Unless told otherwise, all webcasts are 60 minutes in length (55 minutes for presenting and at least 5 minutes for Q&A).

Who can attend the webcast?

All of our webcasts are open to the public. If someone registers for CLE or CPD credit, then there is a charge of $40 for members and $80 for nonmembers. Otherwise, it is free.

Is this presentation being recorded?

Yes. All webcasts are recorded and archived on ACC.com are kept for at least one year.

Do I need to hide sensitive emails/documents from my desktop?

No. We do not use screen-sharing capabilities during our webcast, so you will not have to worry about sensitive documents appearing to the audience.

What is a moderator's role in a webcast?

Moderating a webcast can be as little as doing introductions and concluding the webcast. Additional ways a moderator can help is by announcing the presence of the two verification codes, advance the slides, field the Q&A, track timing, and act as a dual speaker. It is ultimately up to the panel to discuss and define the moderator's ultimate duties for their webcast to ensure everyone is comfortable with presenting.

How should we handle the two verification codes?

It is helpful to include a note about the verification codes during the introduction as a housekeeping item. When you advance to the slide with the code, please first announce the presence of the code instead of reading the code aloud. Allow the audience 45 seconds to write down the code before proceeding with the presentation.

Are there guidelines for the moderator's introduction/conclusion and code announcement?

Yes. You can download it here.

Can attendees ask their questions orally?

No. Attendees can only submit their questions using the chat tool, on the lower left hand side of the screen. The helps improve both the quality of the presentation and the audio recording.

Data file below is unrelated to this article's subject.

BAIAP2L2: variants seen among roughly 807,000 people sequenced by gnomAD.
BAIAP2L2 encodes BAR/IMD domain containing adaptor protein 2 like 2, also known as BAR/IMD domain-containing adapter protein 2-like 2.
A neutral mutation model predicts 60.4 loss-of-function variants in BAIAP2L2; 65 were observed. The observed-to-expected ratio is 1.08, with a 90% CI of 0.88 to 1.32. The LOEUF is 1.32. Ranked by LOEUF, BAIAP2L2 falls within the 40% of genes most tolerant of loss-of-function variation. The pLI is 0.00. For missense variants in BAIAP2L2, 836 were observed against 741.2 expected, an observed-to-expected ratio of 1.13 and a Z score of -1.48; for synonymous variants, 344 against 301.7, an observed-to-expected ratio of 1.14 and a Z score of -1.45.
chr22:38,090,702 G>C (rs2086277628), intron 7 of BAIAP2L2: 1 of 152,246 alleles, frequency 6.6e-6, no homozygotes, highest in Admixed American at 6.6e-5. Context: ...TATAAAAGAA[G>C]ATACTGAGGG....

Who can see the questions from the audience?

Everyone on the panel and the audience member who submitted the question can see the question. Audience members cannot see questions submitted by each other. For this reason, it is important that someone reads the question aloud to the audience before responding.

What do you recommend for handling questions?

There are two Q&A methods that are generally successful, so whatever makes your group most comfortable is best. The first option is to accept questions throughout the webcast. It results in a more conversational presentation and can be more engaging for the audience. However, time management problems can arise using this method. The second method involves saving all the questions for the end of the presentation. Regardless of the method your group chooses, a final 5 minutes of Q&A is required for CLE eligibility purposes.

Do we answer technical/CLE/CPD questions?

No. The technical moderator will be respond to those questions, leaving you only with the content questions to handle.

Should we arrange for plant questions?

Yes. We cannot predict whether you will receive many questions or very few - it varies greatly depending the size of the audience and specificity of the topic.

What happens if we don't get to all the questions?

We provide a report after the webcast takes place that will include a list of any questions. We recommend that your group writes a "Webcast FAQ" that we can then attach to the recording.

Can we poll the audience?

Yes. Poll questions are a fun and easy way to make your presentation more interactive, and obtains information allowing you to tailor your talk. Having a general understanding of the demographic of your audience is always helpful as well.

What do you recommend for advancing the slides?

Nominate one person from your group to advance the slides (the moderator is a generally a great choice for this task). This will prevent any pauses in the presentation when passing leadership control. It will also require all presenters to say something like "next slide," which is ideal since some audience members may be following along with a hard copy of the slides.

Can I jump from one slide to another?

Yes. The leader can use the thumbnails tool to jump from one slide to another.

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ACC info

Who can I contact for more questions?

Where can I direct my colleagues for questions regarding registration or CLE/CPD to my webcast?

      Please ask them to email webcast@acc.com.

Am I in safe hands?

Yes! Even the most technologically-adverse speakers feel at home after going through our process. You'll be a webcast pro in no time!